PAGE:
What are the Different Types of Single Bowl Undermount Kitchen Sink?

Rebecca Mecomber
Rebecca Mecomber

When looking for a single bowl undermount kitchen sink, two main types of kitchen sinks are available: self-rimming and undermount. A self-rimming sink sports a lip, or rim, that hangs from the top of the kitchen counter. An undermount sink sits below the counter, held in place by epoxy and special clips. A single bowl undermount kitchen sink is a very stylish and attractive feature for any kitchen upgrade. Manufacturers offer a wide variety of sink types, including sink material choices of stainless steel, composite granite, solid surfacing and soapstone, and they are available in many colors and shapes.

The mineral oil enhances the color of a soapstone sink.
The mineral oil enhances the color of a soapstone sink.

Stainless steel undermount sinks are a popular choice for kitchen remodels. Stainless steel is lightweight and durable, and it and blends well with any kitchen decor. Heavy gauge stainless steel with a thickness of 18 or 20 is best because it is able to withstand dents and noise. Most stainless steel undermount kitchen sinks are cast in the traditional square shape, but manufacturers might offer rectangles, ovals and circles on special order. Of all the choices available, a stainless steel single bowl undermount kitchen sink is generally the least expensive and the easiest to install.

A granite composite undermount sink exudes a luxurious appeal and is a fine choice for a more refined kitchen upgrade. Manufacturers offer granite composite single bowl undermount sinks in a variety of colors and shapes. This type of sink requires a skilled sink installation, because an inadequately installed sink might collapse from the heavy weight of the granite material. Granite composite is very durable, and it resists stains and extreme temperatures. Although it is more expensive than stainless steel and solid surfacing, a granite composite undermount kitchen sink exceeds the other sinks with its exotic beauty and rock solid durability.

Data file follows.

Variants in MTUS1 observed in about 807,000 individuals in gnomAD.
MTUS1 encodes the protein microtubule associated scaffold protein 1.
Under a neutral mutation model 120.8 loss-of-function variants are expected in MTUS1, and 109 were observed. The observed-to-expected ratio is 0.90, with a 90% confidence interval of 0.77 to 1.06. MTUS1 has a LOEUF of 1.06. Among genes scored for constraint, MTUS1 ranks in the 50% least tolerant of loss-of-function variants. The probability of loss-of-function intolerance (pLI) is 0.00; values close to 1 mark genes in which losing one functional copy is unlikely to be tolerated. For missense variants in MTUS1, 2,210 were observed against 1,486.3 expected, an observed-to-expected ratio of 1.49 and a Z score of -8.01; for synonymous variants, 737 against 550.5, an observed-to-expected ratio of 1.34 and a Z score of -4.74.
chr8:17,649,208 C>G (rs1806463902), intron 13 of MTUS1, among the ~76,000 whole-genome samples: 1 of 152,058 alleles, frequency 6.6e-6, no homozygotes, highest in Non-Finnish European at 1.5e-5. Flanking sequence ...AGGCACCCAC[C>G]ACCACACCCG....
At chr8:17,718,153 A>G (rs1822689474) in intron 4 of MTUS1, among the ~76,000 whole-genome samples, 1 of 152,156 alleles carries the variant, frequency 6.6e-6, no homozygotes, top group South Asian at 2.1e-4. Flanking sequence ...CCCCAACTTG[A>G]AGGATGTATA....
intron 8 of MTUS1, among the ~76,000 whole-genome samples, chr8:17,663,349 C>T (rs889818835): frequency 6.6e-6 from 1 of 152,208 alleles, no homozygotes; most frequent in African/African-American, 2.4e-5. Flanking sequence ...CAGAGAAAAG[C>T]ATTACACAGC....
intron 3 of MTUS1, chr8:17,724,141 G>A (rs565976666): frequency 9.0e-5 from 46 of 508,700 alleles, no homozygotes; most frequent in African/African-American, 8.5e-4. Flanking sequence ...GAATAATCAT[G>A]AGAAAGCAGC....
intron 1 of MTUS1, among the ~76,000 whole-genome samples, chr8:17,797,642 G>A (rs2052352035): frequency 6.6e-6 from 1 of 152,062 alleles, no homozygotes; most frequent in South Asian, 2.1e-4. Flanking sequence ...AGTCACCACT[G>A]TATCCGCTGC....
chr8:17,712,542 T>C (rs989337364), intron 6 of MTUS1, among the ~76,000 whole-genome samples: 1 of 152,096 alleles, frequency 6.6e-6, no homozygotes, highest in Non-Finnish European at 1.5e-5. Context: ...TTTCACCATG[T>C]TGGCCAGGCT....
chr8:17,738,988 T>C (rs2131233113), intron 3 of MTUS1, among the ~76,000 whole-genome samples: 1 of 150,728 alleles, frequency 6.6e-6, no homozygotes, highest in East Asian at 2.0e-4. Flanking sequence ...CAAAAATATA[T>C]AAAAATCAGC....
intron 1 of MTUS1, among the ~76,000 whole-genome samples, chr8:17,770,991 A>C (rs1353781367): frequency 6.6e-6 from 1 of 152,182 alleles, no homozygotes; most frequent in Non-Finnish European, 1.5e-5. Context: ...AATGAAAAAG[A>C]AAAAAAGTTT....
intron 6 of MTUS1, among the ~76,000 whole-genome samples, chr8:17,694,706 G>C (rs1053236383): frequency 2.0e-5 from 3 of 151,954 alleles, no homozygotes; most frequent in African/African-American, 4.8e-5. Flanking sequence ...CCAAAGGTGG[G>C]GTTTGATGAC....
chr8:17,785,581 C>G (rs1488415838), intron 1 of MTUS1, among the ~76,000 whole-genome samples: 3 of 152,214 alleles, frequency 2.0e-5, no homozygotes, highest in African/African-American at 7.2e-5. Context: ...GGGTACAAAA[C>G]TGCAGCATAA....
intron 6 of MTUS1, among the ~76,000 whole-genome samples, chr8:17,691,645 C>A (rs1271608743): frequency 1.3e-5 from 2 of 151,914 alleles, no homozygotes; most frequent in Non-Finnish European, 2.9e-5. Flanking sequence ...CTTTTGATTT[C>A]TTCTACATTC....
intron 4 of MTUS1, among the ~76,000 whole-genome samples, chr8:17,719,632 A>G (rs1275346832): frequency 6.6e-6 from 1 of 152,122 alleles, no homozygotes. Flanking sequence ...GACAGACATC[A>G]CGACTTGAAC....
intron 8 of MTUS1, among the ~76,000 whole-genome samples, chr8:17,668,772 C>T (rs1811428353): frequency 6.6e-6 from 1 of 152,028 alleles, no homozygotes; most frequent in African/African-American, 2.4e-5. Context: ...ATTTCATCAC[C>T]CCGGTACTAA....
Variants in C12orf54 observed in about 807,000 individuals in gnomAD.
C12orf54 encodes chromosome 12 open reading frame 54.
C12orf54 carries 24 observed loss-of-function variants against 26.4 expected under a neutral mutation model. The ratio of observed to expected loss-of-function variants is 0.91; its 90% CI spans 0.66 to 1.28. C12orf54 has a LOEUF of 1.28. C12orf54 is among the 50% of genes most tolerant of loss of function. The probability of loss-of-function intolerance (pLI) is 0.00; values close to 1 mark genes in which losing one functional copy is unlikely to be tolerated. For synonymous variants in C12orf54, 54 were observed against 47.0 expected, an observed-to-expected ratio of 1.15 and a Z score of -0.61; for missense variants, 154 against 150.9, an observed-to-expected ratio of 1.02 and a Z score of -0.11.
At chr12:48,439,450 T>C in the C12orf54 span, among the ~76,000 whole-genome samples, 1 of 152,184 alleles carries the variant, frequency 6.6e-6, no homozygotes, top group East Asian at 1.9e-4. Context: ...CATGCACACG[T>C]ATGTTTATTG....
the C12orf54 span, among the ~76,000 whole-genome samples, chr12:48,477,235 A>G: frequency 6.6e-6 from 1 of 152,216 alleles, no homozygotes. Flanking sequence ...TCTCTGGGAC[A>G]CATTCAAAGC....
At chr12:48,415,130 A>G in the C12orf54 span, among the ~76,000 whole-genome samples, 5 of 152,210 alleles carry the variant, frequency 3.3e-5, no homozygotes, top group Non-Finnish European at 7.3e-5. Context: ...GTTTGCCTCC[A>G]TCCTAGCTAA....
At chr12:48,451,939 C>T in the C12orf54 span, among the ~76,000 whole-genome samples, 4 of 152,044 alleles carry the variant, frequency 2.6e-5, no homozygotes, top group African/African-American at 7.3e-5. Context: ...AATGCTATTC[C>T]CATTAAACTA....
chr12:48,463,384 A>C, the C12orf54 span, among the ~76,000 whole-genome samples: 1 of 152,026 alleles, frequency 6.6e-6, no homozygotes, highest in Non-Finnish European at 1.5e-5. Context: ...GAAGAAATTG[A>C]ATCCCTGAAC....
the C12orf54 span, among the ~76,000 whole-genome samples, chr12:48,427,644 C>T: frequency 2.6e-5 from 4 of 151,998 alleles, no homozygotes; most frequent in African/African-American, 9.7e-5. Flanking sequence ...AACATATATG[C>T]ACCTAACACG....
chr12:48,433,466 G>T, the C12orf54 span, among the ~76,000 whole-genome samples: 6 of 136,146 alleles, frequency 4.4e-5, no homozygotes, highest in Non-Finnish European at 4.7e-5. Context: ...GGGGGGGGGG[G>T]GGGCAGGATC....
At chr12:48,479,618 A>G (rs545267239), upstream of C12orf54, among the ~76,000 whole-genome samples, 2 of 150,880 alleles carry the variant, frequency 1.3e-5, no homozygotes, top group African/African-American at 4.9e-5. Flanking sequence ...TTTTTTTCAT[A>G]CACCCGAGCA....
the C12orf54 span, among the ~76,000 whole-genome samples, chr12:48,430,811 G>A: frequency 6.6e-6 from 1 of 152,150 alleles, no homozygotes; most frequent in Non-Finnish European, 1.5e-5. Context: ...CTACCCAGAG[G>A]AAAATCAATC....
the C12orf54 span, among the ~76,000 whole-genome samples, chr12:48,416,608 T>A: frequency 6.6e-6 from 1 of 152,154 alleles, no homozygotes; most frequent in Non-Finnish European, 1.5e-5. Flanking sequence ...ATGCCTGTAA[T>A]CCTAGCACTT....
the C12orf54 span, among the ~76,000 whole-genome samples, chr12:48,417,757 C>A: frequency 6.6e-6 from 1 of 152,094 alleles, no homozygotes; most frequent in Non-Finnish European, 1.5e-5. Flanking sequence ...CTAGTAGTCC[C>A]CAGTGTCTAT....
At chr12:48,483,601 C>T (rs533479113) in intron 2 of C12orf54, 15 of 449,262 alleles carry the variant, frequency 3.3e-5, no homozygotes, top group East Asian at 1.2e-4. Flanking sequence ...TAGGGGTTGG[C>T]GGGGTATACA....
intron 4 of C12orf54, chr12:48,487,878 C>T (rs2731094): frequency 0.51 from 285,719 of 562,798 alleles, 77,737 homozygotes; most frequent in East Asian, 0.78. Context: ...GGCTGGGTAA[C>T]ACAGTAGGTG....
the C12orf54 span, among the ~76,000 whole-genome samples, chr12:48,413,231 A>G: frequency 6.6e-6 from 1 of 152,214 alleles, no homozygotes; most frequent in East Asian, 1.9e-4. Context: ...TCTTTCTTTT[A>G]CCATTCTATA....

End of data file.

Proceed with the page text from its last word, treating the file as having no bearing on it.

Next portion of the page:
Solid surfacing undermount sinks are generally more expensive than stainless steel but less expensive than composite granite. Comprised of acrylic resins, manufacturers mold solid surfacing sinks in a dizzying assortment of various shapes, sizes and colors. Solid surfacing sinks are durable, but they do stain and scratch more easily than steel and granite sinks. Stains and scratches can be buffed out with sandpaper.

Soapstone, a natural material that retains heat, is available as an undermount sink for high-end kitchen upgrades. Soapstone single bowl undermount sinks are sometimes called farmer's sinks or apron sinks. These sinks are usually very large, 3 feet (0.91 meters) wide in some cases, although smaller sizes can be obtained by manufacturers. Soapstone is extremely heavy and requires regular oiling with mineral oil. Although it is extremely durable and stain resistant, the sink might chip with heavy use.

A single bowl undermount kitchen sink installation requires more skill than the average self-rimming sink installation. The cut-out hole in the countertop must be precisely measured and cut so that the bowl rests evenly and cleanly below the countertop surface. Care must be taken to follow the manufacturer's directions with the proper type and amount of epoxy. The mounting system must be strong and attached firmly to the kitchen sink. With proper installation, a single bowl undermount kitchen sink lends a classy, customized look to any kitchen remodel or kitchen improvement project.

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    • The mineral oil enhances the color of a soapstone sink.
      The mineral oil enhances the color of a soapstone sink.